Sandstorm’s place as a sequel is muddied, however, by the notable omission of an anticipated campaign mode – which follows two Iraqi women crossing a war-torn land – the developer cut in order to ship this year. In 2018, the gruff military story is well and truly worn thin, so it’s a shame to miss out on a potentially refreshing perspective.
Sandstorm offers a ludicrous number of gun customisation options, featuring dozens of scopes, foregrips, silencers, extended magazines, and laser pointers. Each costs a set amount of Supply, but so do sidearms and grenades. Dying for a 4x scope? Think about sacrificing a couple of smokes or a pistol.
That twist on a traditional military story might have also lent the game a unique character – something Sandstorm is profoundly lacking currently. By fictionalising its Middle-Eastern war, developer New World Interactive trades in tropes we’re all too familiar with. The sandswept rural villages and city sprawls you visit could be any from half a dozen Call of Duty games. Sandstorm gives us nameless locations with nameless conflicts.
This aesthetic felt excusable when Insurgency was a mod over a decade ago. But we’ve largely moved on, and there’s something rather uncomfortable about rendering a suicide bombing with the power of Unreal Engine 4. A campaign could have given Insurgency the option to say something about an extremely controversial real-world war – but as a multiplayer shooter, it raises imagery without ever questioning it.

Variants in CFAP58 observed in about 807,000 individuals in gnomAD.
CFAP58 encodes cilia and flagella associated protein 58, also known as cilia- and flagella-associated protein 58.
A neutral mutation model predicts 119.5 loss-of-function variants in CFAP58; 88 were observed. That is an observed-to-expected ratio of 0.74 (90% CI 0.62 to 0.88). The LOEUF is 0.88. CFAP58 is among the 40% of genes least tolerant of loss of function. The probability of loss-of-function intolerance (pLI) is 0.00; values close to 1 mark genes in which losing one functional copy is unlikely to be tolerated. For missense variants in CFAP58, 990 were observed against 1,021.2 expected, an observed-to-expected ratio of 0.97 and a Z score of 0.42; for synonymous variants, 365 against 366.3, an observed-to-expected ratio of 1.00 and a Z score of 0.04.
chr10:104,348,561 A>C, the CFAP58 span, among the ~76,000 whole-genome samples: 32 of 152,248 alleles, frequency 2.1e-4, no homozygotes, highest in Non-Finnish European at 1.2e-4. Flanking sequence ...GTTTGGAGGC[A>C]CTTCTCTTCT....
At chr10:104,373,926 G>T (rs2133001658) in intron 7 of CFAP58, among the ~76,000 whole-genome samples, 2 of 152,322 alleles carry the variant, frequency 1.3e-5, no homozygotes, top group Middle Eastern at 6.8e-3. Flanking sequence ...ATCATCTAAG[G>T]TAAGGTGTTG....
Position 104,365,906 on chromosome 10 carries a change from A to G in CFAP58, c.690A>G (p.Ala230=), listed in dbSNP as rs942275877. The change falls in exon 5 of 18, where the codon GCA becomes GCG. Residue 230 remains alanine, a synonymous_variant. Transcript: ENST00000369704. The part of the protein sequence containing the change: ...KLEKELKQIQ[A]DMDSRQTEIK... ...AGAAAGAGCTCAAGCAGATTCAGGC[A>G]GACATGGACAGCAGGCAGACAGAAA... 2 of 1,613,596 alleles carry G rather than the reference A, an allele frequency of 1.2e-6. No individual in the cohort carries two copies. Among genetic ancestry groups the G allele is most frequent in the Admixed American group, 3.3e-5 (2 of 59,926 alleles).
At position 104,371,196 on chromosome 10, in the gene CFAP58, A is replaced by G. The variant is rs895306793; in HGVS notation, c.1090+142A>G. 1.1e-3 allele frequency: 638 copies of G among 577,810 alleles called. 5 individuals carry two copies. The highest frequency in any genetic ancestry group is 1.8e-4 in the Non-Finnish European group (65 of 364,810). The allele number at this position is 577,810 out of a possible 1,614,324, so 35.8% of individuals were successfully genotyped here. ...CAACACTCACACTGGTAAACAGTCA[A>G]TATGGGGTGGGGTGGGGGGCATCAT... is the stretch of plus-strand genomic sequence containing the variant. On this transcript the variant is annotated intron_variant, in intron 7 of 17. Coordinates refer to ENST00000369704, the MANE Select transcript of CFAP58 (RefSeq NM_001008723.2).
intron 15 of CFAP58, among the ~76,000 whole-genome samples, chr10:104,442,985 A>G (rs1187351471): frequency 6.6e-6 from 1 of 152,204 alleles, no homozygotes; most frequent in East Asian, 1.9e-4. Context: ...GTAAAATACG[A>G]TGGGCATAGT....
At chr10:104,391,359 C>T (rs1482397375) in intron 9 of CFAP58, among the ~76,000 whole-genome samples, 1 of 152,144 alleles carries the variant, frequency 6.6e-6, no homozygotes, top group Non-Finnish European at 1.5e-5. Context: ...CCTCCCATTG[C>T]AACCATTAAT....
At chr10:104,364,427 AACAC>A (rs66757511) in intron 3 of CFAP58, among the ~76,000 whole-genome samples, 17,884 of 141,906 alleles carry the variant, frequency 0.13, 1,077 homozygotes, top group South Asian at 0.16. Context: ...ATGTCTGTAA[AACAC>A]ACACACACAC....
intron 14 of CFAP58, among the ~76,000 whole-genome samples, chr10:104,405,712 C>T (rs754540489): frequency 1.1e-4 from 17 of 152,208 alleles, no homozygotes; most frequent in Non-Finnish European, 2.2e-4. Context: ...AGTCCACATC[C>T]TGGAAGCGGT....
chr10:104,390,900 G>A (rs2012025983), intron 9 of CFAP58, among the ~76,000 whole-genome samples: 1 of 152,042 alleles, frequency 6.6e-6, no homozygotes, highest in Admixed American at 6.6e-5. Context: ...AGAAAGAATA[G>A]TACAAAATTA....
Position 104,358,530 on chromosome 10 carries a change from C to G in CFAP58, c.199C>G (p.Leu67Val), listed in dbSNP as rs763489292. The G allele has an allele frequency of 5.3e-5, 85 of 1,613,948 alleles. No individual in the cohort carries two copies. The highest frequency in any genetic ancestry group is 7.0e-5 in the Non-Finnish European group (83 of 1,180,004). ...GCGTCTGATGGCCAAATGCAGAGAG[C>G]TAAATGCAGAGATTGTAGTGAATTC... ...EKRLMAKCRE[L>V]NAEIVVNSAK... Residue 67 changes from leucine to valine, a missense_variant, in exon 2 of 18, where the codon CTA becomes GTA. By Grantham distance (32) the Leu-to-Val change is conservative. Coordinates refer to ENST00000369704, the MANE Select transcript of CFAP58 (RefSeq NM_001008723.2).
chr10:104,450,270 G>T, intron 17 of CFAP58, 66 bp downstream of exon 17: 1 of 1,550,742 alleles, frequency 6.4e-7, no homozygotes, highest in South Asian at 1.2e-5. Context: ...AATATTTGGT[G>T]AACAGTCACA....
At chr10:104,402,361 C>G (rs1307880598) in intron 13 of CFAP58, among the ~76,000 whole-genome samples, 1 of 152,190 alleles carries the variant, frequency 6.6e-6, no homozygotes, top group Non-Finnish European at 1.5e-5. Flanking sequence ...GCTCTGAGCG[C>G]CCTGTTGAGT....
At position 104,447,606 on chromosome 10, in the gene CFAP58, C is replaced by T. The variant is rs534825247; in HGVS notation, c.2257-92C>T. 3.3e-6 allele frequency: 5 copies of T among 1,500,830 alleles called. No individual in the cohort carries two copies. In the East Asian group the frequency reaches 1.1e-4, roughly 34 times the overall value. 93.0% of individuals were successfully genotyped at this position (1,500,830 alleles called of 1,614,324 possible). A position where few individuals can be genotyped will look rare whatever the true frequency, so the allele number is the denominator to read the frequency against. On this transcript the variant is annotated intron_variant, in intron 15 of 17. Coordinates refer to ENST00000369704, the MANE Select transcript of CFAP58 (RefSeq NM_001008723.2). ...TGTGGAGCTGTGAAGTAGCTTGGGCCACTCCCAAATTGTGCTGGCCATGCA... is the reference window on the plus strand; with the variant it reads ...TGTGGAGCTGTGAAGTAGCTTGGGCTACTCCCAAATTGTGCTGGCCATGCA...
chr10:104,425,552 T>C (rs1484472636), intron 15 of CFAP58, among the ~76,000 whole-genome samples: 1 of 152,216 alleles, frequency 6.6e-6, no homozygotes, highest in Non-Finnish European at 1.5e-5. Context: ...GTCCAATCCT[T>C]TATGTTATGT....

In Sandstorm’s defence, player avatars tend more towards local guns rather than Western interventionists. Women feature in Security character customisation, which gives dozens of little unlockable options to dress up your toy soldier. There’s a surprising wealth of cosmetics, unlocked through a currency gained via levelling up.
While single-player might be missing, Sandstorm’s co-op offering manages to outshine the PvP modes. As a team of eight pushes through city streets and factory backlots, coordination feels vital – you’re teaming spotters with commanders and holding checkpoints against enemy counter-attacks.
Sandstorm is often nicely drawn on-screen, but its sandswept refineries and streets rarely pop. As a budget alternative to the annual Call of Duties or Battlefields, a minor visual downgrade isn’t a big deal – particularly when Sandstorm is offering a distinct alternative to big-budget gameplay. But becomes unacceptable when those lower visual standards are met by technical problems.
I’ve encountered nothing game-breaking to speak of, but Sandstorm often struggles to keep up with its own ambitions. Texture pop-in is rife on loading maps, while first-person gun models often taking a good minute to load in.
All in all, Sandstorm often feels more like an Insurgency ‘definitive edition’ than a sequel. It’s more of the same close-quarters combat over small dusty maps, given a modest degree of visual flair and deeper customisation.
That said, despite its creaky bones, I don’t doubt Insurgency: Sandstorm will keep a dedicated community for months to come. Progression systems and competitive ladders hint at a desire to keep players coming back for more. New World is also promising mod support and custom servers, which are welcome features that have become increasingly uncommon in multiplayer games.
Insurgency has secured a unique space as a realistic shooter without slipping into simulation territory, and Sandstorm is good enough that it can continue to trade on that – uncomfortable imagery and all.